The OVD circuit contains a current-to-voltage converter (CVC) consisting of the resistor *R*1 and the diode *D*1. The OVD also contains a comparator implemented by the MOS transistors *M*1-*M*7 and resistors *R*2,,,*R*3 . CMOS CL consumes the current *I* and introduces a capacitance *C*in . The capacitance *C*out represents the load caused by the interface circuitry. A low potential output signal of OVD corresponds to CL output validity. A high potential output signal corresponds to CL output invalidity. So, OVD generates *OV* signal in negative logic manner.

The transfer characteristics of CVC is determined by a system of three equations:

where *I* is an input current of CVC, *V* is a voltage drop on the CVC circuit, *I*r is a current flowing through the resistor *R*1, *I*d is a current passing through the diode *D*1, *I*0 is a leakage current of the diode, *r*b is a bulk resistance of the diode. Here stands for *kT*/*q* where *k* is Boltzmann's constant, *T* is absolute temperature, *q* is charge of an electron.

Equations (1)-(3) determine the functional connection *F* between input current *I* and voltage drop *V*: . Graphic solution of the system is shown in Fig.10.

CVC parameters to be calculated are *R*1 and *r*b. Initial data for calculating *R*1 are the threshold voltage drop *V*th and corresponding threshold input current *I*th . Value *I*th is determined by minimal current consumed by CMOS CL in transient state. Initial data for calculating *r*b are maximal voltage drop *V*max and corresponding maximal input current *I*max. Value *I*max is determined by the maximal number of gates in CL switching simultaneously and their load capacitances.

The comparator chosen is the CMOS ECL receiver proposed by Chappell et al.[11]. The circuit includes a single differential amplifier stage with built-in compensation for parameter variations, followed by a CMOS inverter. The comparator has 100-mV worst-case sensitivity in 1-m technology. Detailed static and dynamic analysis of the comparator circuit was given in [11].

The comparator compares input voltage signal *V*in with reference voltage *V*ref. If *V*in <*V*ref the comparator output signal equals to logical zero which means that CL outputs are valid. Otherwise, *V*in >*V*ref, the comparator output signal equals to logical "one" which means that the outputs are invalid.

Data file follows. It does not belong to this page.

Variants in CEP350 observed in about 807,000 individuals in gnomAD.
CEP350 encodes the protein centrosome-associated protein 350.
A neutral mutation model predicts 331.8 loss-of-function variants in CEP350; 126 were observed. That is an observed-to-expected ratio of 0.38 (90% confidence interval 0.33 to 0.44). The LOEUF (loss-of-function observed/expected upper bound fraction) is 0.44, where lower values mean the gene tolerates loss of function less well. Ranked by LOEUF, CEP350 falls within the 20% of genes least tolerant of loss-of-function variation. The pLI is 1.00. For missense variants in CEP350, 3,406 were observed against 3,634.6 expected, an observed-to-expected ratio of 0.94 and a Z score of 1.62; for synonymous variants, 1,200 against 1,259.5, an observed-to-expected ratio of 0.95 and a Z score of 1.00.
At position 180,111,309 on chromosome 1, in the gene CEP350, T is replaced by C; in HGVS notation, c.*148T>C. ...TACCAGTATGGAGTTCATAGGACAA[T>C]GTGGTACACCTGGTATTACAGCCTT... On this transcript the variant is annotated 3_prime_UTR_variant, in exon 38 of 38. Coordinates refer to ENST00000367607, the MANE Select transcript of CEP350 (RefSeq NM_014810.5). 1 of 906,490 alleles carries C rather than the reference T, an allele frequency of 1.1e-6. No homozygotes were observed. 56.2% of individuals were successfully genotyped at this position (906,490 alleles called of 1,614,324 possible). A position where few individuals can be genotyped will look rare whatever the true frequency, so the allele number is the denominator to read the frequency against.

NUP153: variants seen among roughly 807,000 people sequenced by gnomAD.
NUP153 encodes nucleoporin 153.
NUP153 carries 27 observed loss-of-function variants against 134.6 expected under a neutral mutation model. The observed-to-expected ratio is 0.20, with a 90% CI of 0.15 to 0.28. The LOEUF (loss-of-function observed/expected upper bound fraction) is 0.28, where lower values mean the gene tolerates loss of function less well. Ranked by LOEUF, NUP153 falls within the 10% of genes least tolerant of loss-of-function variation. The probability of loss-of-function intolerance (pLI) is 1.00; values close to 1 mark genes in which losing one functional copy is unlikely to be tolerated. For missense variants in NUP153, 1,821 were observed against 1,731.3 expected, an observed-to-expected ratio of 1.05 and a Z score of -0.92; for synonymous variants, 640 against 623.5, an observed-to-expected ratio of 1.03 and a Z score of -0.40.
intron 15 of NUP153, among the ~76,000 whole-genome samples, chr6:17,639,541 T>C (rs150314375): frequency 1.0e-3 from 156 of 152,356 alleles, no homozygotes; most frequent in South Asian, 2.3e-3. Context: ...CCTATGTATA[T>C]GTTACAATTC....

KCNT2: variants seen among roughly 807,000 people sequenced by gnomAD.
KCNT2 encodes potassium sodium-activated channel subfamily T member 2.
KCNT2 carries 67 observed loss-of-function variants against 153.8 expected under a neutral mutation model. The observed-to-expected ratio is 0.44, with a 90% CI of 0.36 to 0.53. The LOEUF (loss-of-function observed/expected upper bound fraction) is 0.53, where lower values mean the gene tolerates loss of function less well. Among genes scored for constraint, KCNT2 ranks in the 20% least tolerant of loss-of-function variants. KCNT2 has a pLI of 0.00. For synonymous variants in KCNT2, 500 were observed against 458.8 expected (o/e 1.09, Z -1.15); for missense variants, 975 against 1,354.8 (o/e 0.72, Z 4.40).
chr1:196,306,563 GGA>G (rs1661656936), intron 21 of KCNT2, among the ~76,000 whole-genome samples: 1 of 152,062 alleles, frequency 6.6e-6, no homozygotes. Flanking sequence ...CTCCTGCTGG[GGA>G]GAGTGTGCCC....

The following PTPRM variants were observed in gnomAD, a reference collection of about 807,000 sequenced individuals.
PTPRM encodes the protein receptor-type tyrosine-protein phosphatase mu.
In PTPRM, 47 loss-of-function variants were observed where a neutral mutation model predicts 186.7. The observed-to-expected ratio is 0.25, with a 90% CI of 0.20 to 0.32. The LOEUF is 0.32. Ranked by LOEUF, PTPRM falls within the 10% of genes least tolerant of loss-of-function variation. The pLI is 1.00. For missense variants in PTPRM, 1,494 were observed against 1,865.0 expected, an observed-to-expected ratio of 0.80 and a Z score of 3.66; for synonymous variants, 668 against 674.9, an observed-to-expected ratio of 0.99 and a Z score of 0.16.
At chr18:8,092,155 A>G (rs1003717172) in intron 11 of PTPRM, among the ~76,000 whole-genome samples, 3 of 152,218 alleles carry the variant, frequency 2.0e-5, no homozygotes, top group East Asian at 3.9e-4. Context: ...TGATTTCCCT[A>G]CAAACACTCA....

As it follows from the OVD circuit configuration,

where* V*dd is a voltage of power supply.

Equations (4) and (5) allow us to calculate the threshold voltage drop *V* of the CVC circuit:

since , so

If 0<*V*<500mV then the diode *D*1 of CVC operates in the very small current region *I**d* 0 and *I**d* <<*I**r*. So the component *I**d* in the Equation (1) can be neglected and *II**r* =*V*/*R*1 .

For practical values of the threshold input current of the OVD circuit is reversely proportional to the resistance of *R*1 : . Substituting Equation (6) yields

.

As to choosing value of *r**b** * it must be done with regard to maximal voltage drop *V*max .

If V>750mV, the diode *D*1 is in active mode and while *r**b* <<*R*1 the condition *I**r* <<*I**d* is true. So, in the large current region *II**d* and Equation (2) determines an almost linear dependence between *I* and *V*. For instance, if the maximal voltage drop *V*max =900mV and maximal input current *I*max=2mA, then in accordance with the Equation (2) *r**b* 100. Typical element values for the OVD circuit with *V**th* =400mV are given in Table 1.

The turn-on *t*on and turn-off *t*off delays of the OVD circuit depend on the OVD itself and the CMOS CL as well. (Switching the OVD output from low to high voltage is called "turning-on" and reverse switching is called "turning-off".)

Consider a piece of CMOS CL and its interaction with OVD circuit (Fig.11). The piece is an SPP including *N* logic gates. Each gate is shown symbolically as a connection of PMOS and NMOS networks. All the capacitances affecting *t**on* and *t**off* can be brought down